American Federation of Teachers -- New Hampshire & a.
State of New Hampshire & a.
Argued November 13, 2014
[Copyrighted Material Omitted]
Bernstein, Shur, Sawyer & Nelson, P.A., of Manchester ( Andru H. Volinsky, Christopher G. Aslin, and Talesha L. Caynon on the brief, and Mr. Volinsky orally), Molan, Milner & Krupski, PLLC, of Concord ( Glenn R. Milner on the brief), Stember Feinstein Doyle Payne & Kravec, LLC, of Pittsburgh, Pennsylvania ( William T. Payne and Stephen M. Pincus on the brief), and Gottesman & Hollis, PA, of Nashua ( David M. Gottesman on the brief), for the plaintiffs and intervenors.
Joseph A. Foster, attorney general ( Richard W. Head, associate attorney general, on the brief and orally), for the State.
Getman, Schulthess & Steere, PA, of Manchester ( Andrew R. Schulman on the brief), and McLane, Graf, Raulerson & Middleton, PA, of Manchester ( Michael A. Delaney orally), for New Hampshire Retirement System.
DALIANIS, C.J. HICKS, CONBOY, LYNN, and BASSETT, JJ., concurred.
The State appeals the Superior Court's ( McNamara, J.) ruling that legislative changes to the definition of " earnable compensation" applicable to members of the New Hampshire Retirement System violate the Contract Clauses of the New Hampshire and United States Constitutions. The plaintiffs and the intervenors cross-appeal the court's rulings that members' rights to retirement benefits do not vest until they accrue ten years of creditable service, and that members do not have vested rights to cost-of-living adjustments to their pensions. The New Hampshire Retirement System takes no position on the legal issues raised in the appeal, but objects to the remedy sought by the plaintiffs and the intervenors. For the reasons set forth below, we reverse the trial court's ruling on " earnable compensation," and affirm its ruling on cost-of-living adjustments.
The following undisputed facts are supported by the record. The New Hampshire Retirement System (NHRS), as set forth in RSA chapter 100-A, is a contributory, public employee, defined-benefit pension plan, qualified under section 401(a) of the Internal Revenue Code and funded through a trust. See RSA 100-A:2 (2013). NHRS is funded by member contributions, employer contributions, and investment gains. The percentage of " earnable compensation" that is contributed by members is set by the legislature. RSA 100-A:16, I (Supp. 2014). NHRS members receive retirement benefits in proportion to the member's " average final compensation." See RSA 100-A:5 (2013), :6 (Supp. 2014). Average final compensation is defined as the average of a member's three highest years of " earnable compensation." See RSA 100-A:1, XVIII(a) (2013); see also RSA 100-A:1, XVIII(b) (2013) (establishing five year period to determine average final compensation for members who have not attained vested status prior to January 1, 2012).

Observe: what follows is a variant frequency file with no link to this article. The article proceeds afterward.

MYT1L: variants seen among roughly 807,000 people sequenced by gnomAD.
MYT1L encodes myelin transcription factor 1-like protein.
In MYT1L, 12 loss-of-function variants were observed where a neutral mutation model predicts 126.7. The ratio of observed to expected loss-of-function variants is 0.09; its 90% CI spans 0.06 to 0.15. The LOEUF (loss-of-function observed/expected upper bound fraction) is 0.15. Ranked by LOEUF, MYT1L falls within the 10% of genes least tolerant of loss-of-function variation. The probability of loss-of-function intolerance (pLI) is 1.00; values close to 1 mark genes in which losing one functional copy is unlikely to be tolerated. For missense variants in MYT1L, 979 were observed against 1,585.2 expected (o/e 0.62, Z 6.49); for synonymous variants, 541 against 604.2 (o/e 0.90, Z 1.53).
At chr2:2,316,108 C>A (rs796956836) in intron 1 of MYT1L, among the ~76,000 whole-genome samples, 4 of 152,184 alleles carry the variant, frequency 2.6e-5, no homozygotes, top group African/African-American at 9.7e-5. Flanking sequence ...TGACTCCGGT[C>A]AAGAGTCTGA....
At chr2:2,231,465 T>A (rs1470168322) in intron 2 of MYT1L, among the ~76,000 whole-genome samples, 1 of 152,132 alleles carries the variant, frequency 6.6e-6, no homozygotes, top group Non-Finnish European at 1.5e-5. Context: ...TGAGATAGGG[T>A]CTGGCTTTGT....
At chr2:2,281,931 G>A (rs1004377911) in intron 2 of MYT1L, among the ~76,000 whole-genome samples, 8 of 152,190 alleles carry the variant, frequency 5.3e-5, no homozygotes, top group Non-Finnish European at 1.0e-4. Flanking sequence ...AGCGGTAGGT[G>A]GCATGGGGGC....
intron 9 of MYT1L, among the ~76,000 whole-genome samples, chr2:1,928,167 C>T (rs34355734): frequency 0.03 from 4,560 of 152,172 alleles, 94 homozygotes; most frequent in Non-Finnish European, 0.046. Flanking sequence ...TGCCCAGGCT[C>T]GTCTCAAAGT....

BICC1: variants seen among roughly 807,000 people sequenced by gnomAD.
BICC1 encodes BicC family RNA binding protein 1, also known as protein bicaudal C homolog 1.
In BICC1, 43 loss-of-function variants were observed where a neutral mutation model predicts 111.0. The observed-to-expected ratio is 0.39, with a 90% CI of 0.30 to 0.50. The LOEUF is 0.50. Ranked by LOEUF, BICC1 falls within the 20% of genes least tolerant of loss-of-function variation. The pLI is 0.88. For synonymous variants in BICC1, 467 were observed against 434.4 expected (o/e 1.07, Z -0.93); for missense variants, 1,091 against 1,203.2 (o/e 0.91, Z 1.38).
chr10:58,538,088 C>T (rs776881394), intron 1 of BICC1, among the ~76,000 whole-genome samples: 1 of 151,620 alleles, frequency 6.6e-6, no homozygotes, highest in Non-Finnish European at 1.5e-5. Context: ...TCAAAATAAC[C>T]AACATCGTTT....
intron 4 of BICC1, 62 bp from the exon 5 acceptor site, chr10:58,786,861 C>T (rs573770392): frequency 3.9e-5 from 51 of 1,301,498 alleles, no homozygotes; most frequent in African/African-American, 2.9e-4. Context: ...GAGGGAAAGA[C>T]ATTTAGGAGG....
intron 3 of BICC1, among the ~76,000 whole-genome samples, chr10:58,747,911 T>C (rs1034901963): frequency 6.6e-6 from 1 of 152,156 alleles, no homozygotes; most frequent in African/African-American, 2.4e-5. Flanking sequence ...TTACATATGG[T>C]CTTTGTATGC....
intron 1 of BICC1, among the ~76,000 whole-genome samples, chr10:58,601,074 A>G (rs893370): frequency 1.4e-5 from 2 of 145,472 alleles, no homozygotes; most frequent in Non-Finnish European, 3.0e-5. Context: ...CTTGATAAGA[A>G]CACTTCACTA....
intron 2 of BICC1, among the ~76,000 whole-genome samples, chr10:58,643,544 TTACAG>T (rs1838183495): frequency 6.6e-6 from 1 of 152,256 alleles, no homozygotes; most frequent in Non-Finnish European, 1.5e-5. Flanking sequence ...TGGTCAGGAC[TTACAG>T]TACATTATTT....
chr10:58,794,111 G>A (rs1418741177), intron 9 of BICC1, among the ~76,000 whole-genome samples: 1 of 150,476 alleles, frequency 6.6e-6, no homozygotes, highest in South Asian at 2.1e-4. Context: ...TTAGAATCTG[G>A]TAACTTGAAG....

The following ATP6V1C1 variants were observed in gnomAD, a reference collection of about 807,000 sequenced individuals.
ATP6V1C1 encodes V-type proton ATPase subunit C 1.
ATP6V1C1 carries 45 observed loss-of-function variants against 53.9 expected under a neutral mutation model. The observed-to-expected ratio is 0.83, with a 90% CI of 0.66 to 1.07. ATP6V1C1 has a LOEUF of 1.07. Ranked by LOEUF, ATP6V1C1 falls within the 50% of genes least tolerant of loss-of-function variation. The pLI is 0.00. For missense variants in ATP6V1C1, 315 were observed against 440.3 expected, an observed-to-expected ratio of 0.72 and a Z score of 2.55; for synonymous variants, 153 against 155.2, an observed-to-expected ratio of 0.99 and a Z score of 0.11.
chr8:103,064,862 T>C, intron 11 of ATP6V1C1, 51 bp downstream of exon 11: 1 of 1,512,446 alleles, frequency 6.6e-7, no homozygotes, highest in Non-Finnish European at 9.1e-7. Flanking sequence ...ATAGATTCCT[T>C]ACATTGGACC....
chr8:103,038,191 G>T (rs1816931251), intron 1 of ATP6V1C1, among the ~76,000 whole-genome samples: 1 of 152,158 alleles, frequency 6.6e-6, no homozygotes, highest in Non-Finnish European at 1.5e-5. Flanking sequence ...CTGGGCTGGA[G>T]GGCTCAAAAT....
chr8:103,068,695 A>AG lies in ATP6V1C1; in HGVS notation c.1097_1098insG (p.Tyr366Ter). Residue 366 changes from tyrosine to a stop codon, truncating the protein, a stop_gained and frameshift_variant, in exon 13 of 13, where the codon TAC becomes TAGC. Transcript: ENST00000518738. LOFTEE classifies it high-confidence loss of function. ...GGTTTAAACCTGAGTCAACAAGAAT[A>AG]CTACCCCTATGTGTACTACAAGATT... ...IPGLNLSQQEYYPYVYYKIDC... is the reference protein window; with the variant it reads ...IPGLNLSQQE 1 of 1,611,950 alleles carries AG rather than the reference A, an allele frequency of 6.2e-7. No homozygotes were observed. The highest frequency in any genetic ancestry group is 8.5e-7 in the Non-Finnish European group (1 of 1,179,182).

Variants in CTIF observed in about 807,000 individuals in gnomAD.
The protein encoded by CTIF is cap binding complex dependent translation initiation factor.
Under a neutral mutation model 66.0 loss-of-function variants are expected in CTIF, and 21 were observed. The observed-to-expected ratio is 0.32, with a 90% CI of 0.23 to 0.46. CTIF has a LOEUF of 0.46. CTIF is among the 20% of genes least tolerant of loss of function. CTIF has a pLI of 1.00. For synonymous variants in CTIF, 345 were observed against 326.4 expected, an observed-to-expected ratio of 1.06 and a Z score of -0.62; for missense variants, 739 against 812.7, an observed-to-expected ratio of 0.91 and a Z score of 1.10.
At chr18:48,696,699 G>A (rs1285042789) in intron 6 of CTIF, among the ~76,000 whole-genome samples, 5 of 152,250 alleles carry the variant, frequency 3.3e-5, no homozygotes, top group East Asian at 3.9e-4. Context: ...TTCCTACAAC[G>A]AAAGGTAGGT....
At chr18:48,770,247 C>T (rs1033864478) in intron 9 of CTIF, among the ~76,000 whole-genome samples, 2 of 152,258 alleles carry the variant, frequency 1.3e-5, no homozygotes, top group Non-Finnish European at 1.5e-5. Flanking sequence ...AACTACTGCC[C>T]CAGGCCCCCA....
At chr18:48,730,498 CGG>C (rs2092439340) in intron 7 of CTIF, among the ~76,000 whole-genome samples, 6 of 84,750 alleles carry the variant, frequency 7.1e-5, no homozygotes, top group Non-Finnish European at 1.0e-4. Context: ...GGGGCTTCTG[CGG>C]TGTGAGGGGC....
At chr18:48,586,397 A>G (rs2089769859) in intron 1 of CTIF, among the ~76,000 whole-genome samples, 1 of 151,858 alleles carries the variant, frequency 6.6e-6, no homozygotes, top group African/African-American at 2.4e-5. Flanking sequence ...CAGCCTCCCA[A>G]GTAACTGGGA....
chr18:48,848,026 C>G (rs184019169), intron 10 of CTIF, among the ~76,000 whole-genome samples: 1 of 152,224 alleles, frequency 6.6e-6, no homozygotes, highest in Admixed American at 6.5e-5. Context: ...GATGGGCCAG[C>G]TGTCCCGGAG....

In 2007 and 2008, the legislature amended RSA chapter 100-A, including changing the definition of " earnable compensation" in RSA 100-A:1, XVII, by largely excluding from it " other compensation," and altering the method of funding cost-of-living adjustments (COLAs) in RSA 100-A:41-a. See Laws 2007, 268:8; Laws 2008, 300:1, :8, :19.
In August 2009, the plaintiffs filed a petition for declaratory and injunctive relief challenging the constitutionality of the changes to the statute. The plaintiffs included: the American Federation of Teachers -- New Hampshire, the National Education Association -- New Hampshire, the New England Police Benevolent Association IUPA Local 9000, AFL-CIO, the New Hampshire Association of Fire Chiefs, the New Hampshire Police Association, the New Hampshire Retired Educators Association, the New Hampshire School Administrators Association, the Professional Fire Fighters of New Hampshire, the State Employees Association of New Hampshire, SEIU Local 1984, and several individuals. The petition was amended in May 2010. In addition to claims against the State, the amended petition included claims pursuant to 42 U.S.C. § 1983 against the Chair of the New Hampshire Retirement System and the Governor, and sought restitution against NHRS. However, the parties subsequently jointly tolled the Section 1983 claims pending resolution of the constitutional issues. The petition was amended again in February 2013 to, among other things, include additional individual plaintiffs.
In November 2010, the parties filed cross-motions for summary judgment. The plaintiffs claimed that the amendments violated the Contract Clauses of the State and Federal Constitutions, arguing that RSA chapter 100-A constitutes a contract, that " [t]he statute providing for the formula to calculate pension benefits, which included consideration of 'other compensation' in determining the retiree's average salary, created vested rights," and that eliminating " other compensation" from the formula constituted a substantial impairment of their vested rights. The plaintiffs also argued that " [t]he statute that promised a ... COLA to NHRS members ... created vested rights," and that the statutory amendments constituted a substantial impairment of those rights. The State argued that RSA chapter 100-A does not create a contract with respect to the definition of " earnable compensation," because the statute did not evince a clear intent by the legislature to be bound by the statute and not permitted to change it, and that, even if the statute did create a contract, the plaintiffs failed to show that the amendments " impair the contract to a substantial degree," or that they are retroactive. The State further argued that the plaintiffs did not have vested rights in COLAs because receipt of a COLA is based ...